There are four key elements within an effective talent management program that need to be aligned and integrated for success: recruiting, people development, career development and compensation. The one common thread that runs through all these elements is "clearly defined competencies." In recruiting, define the role your recruits will play within your organization and the competencies required to execute that role before you begin hiring people.

In people development, understand the competencies required to be successful within your organization, where your organization is today against those competencies and what the gap is. That competency gap analysis should then drive your training and development programs.

In career development, it is necessary for you and your employees to clearly understand the competencies required to move to the next level, so you can help them get there.

In compensation, most Human Resource departments will need to know the competencies required for a sourcing/supply chain professional, along with the role the new hire will play in order to fairly assess the salary market. In other words, the development of a comprehensive competency model is an absolute necessity in winning the talent management game.

How do you get started in developing a comprehensive competency model? The first step is to identify those technical and functional skills and competencies necessary to function at a world–class level within a strategic sourcing/supply chain environment within your organization. Step two is to evaluate your current organization against that world-class model to identify skill gaps and develop gap closure strategies. The ultimate goal is to enable your sourcing/supply chain organization to realize the full benefits of world-class strategic sourcing by determining the current organizational gaps and developing strategies to close those gaps.

In 2003, FMC Technologies (FMC), working closely with The Mpower Group, started on a multi-year journey to transform its global procurement organization. Randy Ellis, chief information officer and chief procurement officer of FMC, had this to say about developing a world-class organizational competency model for his staff of over 180 procurement professionals: "It raises the bar. It's a big change for us as we continue to transform procurement from tactical to strategic. I'm looking to set a standard for a higher level of performance."

Here is the process TMG utilized when working with FMC:

View Process

A competency model is developed from a number of inputs, including the executive's vision, employee job analysis interviews, interviews of key strategic sourcing customers, current job profiles and extensive research of world-class sourcing competency models. The model is very detailed, generally covering seven to 10 competencies, like change management, supply chain management and IT, across four different proficiency levels (foundation, intermediate, advanced and mastery). The model should be defined by behaviors to make it practical and usable.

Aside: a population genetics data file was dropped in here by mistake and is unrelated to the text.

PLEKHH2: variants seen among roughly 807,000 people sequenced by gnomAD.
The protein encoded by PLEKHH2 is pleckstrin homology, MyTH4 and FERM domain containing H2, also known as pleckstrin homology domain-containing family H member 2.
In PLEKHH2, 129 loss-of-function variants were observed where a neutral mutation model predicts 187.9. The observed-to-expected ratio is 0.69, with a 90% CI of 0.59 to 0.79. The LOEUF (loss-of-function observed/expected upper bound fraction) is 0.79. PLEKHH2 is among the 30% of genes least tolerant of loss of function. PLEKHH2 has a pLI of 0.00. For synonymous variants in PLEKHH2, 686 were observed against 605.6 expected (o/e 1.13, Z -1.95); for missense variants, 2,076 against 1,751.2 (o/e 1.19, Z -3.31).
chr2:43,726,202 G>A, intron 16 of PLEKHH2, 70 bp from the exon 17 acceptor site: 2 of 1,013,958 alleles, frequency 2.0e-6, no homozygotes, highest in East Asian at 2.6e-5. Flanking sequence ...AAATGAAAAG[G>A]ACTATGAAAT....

The single biggest challenge is ensuring that your competency model reflects the evolving and more strategic role of your organization. Process skills are no longer enough for sourcing/supply chain professionals to be successful.

Once your competency model is complete, it is critical to assess where your current organization is against the model. If your competency model is effective, there will certainly be a gap, which is okay because building a sustainable, strategic, world-class organization cannot and will not happen overnight. The point is to have stretch goals for each individual and the organization to work toward and to have a well-defined model to drive every aspect of your talent management program.

Next, a customized assessment instrument should be used in performing the gap analysis. Each employee (or a representative sample for very large groups) completes the assessment instrument and validates it with his or her supervisor through an open and positive face-to-face meeting to develop consensus on the individual's current competency levels, identify true needs and build ownership of those needs in the individual. The assessment instrument can also be used for ongoing review and alignment activities.

Gaps for each competency area are compared across individuals to identify overall department trends and closure strategies. Training may not be the appropriate closure technique for all gaps; in those cases, alternative strategies may be chosen. These may include coaching/mentoring, on-the-job learning or self study. For those gaps where training is the appropriate intervention, a customized training curriculum should be developed by job family.